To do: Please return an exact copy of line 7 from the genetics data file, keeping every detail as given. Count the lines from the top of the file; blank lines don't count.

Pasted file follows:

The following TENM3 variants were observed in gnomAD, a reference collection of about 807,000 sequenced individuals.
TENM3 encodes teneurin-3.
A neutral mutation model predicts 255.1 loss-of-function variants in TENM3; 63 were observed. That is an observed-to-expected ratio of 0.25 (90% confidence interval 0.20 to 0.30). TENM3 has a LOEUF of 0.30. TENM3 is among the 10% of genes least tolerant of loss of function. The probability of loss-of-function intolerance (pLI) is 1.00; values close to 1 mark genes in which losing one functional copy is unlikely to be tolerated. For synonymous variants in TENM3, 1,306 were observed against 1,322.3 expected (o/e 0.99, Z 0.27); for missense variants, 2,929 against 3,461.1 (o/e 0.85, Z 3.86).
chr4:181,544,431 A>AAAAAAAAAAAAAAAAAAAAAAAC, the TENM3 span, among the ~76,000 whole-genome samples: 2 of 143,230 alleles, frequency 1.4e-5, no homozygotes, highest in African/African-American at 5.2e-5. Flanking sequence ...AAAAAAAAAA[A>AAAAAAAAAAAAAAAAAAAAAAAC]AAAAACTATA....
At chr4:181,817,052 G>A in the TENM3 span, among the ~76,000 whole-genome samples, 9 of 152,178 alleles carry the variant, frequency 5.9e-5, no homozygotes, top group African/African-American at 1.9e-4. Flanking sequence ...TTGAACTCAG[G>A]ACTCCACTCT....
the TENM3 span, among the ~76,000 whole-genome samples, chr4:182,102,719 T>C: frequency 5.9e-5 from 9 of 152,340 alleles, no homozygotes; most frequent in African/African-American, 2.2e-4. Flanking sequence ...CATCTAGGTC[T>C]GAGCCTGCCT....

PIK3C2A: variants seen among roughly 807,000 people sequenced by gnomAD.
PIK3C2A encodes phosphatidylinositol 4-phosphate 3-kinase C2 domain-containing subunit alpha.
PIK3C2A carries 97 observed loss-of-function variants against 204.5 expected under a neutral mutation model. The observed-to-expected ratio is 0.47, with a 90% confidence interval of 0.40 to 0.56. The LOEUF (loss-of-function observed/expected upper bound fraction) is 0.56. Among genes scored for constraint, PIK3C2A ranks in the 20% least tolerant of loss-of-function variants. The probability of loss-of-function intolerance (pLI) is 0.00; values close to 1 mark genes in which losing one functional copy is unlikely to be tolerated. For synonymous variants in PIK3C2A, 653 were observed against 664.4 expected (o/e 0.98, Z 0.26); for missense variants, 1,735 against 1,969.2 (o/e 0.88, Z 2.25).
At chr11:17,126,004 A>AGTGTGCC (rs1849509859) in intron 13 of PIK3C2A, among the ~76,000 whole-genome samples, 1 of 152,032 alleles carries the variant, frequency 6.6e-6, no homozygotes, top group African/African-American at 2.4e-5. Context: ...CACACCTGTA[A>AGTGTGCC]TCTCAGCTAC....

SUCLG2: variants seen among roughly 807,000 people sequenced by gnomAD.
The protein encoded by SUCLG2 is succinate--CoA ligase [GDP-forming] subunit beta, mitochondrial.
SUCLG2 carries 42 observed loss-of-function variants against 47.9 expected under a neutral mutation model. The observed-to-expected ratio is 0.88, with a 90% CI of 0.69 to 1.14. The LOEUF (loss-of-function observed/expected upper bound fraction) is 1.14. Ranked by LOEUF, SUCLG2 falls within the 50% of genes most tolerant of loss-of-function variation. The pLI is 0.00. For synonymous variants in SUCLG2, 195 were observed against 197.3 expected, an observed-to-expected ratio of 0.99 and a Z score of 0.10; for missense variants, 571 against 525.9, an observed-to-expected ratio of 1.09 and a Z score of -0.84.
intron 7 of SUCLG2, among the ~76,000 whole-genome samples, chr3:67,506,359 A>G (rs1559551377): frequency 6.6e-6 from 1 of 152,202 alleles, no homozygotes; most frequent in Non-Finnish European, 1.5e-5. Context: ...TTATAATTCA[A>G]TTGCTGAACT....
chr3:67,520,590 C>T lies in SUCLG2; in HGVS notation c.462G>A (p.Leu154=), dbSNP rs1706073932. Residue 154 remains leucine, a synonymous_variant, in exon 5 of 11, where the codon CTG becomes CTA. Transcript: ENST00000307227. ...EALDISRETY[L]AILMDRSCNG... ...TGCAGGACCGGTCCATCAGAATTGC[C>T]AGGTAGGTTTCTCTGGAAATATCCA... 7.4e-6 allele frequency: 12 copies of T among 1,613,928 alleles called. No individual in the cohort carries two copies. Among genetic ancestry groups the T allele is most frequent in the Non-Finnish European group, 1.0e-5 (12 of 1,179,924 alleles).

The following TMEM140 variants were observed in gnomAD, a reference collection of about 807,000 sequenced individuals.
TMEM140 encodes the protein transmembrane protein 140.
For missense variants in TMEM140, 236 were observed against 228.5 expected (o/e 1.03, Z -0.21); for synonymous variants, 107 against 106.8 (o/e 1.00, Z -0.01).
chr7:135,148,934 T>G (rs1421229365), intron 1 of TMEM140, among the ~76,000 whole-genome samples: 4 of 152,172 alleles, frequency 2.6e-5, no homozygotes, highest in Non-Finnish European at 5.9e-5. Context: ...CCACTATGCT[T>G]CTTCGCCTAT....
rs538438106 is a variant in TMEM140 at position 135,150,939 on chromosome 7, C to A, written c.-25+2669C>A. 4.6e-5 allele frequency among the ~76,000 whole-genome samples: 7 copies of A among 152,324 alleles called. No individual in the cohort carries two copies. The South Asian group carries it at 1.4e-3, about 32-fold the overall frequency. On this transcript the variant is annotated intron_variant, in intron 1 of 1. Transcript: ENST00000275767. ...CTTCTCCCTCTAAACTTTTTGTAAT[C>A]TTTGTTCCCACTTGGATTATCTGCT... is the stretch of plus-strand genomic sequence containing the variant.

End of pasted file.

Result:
PIK3C2A: variants seen among roughly 807,000 people sequenced by gnomAD.